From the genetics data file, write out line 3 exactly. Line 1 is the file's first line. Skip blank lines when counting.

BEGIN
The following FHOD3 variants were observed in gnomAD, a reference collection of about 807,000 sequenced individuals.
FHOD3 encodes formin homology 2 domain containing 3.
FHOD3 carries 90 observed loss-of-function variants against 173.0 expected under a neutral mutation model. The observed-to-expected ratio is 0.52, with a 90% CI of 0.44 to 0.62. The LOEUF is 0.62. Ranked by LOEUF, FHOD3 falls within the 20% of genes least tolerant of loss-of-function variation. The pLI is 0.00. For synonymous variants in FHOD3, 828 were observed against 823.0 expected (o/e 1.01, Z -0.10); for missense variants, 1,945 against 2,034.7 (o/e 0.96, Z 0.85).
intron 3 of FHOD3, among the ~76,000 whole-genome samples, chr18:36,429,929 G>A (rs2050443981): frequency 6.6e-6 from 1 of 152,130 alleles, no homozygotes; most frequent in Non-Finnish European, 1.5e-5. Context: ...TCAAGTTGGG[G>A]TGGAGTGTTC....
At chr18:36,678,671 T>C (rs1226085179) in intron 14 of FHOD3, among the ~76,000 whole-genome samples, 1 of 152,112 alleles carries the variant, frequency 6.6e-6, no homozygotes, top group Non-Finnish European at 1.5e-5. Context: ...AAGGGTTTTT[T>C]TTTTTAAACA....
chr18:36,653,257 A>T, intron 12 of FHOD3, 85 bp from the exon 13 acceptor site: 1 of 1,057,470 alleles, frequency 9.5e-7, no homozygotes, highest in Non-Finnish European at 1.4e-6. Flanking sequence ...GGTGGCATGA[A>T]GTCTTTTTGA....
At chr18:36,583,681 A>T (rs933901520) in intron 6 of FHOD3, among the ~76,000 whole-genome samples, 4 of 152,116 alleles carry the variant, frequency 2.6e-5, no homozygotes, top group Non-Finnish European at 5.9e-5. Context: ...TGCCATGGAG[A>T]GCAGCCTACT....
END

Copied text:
FHOD3 carries 90 observed loss-of-function variants against 173.0 expected under a neutral mutation model. The observed-to-expected ratio is 0.52, with a 90% CI of 0.44 to 0.62. The LOEUF is 0.62. Ranked by LOEUF, FHOD3 falls within the 20% of genes least tolerant of loss-of-function variation. The pLI is 0.00. For synonymous variants in FHOD3, 828 were observed against 823.0 expected (o/e 1.01, Z -0.10); for missense variants, 1,945 against 2,034.7 (o/e 0.96, Z 0.85).